Home prices in the first quarter of the year were up in nearly all major U.S. cities, and despite the continuing difficulties of the COVID-19 pandemic, prices show no signs of slowing, according to the National Association of REALTORS®’ latest quarterly report.
The median price nationwide for an existing single-family home was $274,600 in the first quarter, a 7.7% increase year over year. “The first-quarter price jumps mostly reflect conditions prior to the Coronavirus outbreak and show the strength of housing demand prior to the pandemic,” says NAR Chief Economist Lawrence Yun. “Even now, due to very limited listings, home prices are showing no signs of buckling.”
The median sales price in March, when the pandemic was ramping up rapidly in the U.S., reflected an increase of 8% year over year, NAR reports. Strong housing demand and low inventory is prompting home prices to rise, Yun says. “Supply is extremely limited, and there are simply not as many homes for sale to meet the demand among potential buyers,” he adds. “More supply and more listings are needed to provide a faster recovery for the economy.” Inventory in the first quarter was down 10.2% from the previous quarter. In March, inventory was at a mere 3.4-month supply.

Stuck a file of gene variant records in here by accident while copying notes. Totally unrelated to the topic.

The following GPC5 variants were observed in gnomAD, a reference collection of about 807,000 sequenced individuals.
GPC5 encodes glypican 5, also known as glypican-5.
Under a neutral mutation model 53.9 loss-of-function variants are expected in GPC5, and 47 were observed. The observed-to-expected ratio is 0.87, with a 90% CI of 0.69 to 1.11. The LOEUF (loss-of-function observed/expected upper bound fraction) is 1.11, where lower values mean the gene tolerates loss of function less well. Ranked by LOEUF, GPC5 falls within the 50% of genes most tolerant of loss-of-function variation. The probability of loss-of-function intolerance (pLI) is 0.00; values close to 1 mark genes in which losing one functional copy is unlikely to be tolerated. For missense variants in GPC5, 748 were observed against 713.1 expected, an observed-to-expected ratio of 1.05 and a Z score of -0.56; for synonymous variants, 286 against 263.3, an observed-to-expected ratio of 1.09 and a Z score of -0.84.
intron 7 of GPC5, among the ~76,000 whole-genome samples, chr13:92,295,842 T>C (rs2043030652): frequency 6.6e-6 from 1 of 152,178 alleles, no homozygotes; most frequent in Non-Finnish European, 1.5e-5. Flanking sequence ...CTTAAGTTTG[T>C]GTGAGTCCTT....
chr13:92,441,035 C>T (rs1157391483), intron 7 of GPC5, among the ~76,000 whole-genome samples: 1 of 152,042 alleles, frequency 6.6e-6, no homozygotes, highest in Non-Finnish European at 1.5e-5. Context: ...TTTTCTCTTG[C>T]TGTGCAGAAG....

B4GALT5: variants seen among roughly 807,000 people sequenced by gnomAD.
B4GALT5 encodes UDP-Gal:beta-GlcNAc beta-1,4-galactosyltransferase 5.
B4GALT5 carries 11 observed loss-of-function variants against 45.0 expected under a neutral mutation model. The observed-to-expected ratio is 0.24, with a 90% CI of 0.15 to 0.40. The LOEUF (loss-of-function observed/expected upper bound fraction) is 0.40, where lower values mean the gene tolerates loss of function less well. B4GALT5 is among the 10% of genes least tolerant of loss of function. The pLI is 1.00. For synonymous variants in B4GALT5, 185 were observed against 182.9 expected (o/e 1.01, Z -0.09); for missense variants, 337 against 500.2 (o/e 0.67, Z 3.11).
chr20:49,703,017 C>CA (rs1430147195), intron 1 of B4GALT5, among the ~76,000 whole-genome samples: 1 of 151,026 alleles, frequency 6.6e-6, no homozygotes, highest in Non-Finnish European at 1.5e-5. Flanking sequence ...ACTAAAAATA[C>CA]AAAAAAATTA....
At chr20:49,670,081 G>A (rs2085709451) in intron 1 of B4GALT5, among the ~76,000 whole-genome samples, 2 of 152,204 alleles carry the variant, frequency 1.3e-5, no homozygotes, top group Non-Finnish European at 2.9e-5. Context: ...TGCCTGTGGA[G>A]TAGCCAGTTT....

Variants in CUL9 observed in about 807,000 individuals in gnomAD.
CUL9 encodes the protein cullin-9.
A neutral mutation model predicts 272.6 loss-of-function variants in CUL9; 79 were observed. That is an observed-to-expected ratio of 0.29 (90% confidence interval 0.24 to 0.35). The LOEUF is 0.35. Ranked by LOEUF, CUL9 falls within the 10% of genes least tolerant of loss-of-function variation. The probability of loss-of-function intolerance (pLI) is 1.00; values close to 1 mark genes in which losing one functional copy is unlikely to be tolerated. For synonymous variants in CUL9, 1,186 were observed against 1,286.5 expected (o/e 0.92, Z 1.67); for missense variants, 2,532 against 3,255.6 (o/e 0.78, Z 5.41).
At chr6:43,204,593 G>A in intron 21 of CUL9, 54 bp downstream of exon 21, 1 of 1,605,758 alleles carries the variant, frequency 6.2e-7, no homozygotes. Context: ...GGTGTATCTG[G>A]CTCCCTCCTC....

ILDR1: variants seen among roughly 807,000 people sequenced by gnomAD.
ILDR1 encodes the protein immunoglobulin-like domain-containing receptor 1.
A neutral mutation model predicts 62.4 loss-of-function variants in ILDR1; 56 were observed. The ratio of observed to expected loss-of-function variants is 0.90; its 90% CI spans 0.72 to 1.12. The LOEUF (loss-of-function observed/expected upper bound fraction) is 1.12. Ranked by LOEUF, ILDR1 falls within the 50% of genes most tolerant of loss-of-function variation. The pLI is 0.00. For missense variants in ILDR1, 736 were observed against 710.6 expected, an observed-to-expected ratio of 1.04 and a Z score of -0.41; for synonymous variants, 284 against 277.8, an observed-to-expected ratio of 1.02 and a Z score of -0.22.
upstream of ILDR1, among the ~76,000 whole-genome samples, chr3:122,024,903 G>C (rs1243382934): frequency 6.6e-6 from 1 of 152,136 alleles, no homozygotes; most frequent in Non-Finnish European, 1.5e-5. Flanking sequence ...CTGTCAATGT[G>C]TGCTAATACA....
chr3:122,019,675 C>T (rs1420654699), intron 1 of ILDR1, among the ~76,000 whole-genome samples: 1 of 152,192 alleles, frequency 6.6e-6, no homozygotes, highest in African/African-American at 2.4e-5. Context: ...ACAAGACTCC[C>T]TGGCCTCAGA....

Forty-six metros—mostly in the West and South—posted double-digit price increases during the first quarter. Some of the metros that saw the largest upticks were Boise City, Idaho (up 18.1%); Eugene, Ore. (14.5%); and Colorado Springs, Colo. (14.4%). And the country's most expensive markets saw even higher prices in the same time period:
- San Jose, Calif.: prices rose 10.7% year over year to a median $1.35 million
- San Francisco: rose 5.9% to $985,000
- Anaheim, Calif.: rose 9.4% to $875,000
- San Diego: rose 8.1% to $670,000
- Boulder, Colo.: rose 3.1% to $622,600
- Los Angeles: rose 8.1% to $592,800
- Seattle: rose 11.5% to $554,400
“The fast-rising home prices are not healthy, so more home-building needs to take place as the economy begins to reopen,” Yun says. “Mortgage rates are at historic lows, and those with secure employment will be attracted to the market.”
Indeed, lower mortgage rates are helping to offset higher home prices, a trend that helped make purchases more affordable in 2019 and the first quarter of 2020, NAR notes. The 30-year fixed-rate mortgage averaged 3.57% in the first three months of this year, down from 4.62% a year ago. Mortgage rates recently reached all-time lows.
The average monthly mortgage payment for a 30-year fixed-rate loan with a 20% down payment was $995 in the first quarter. That’s down from $1,048 a year ago and costs about 15% of the median family income of $79,662, NAR reports.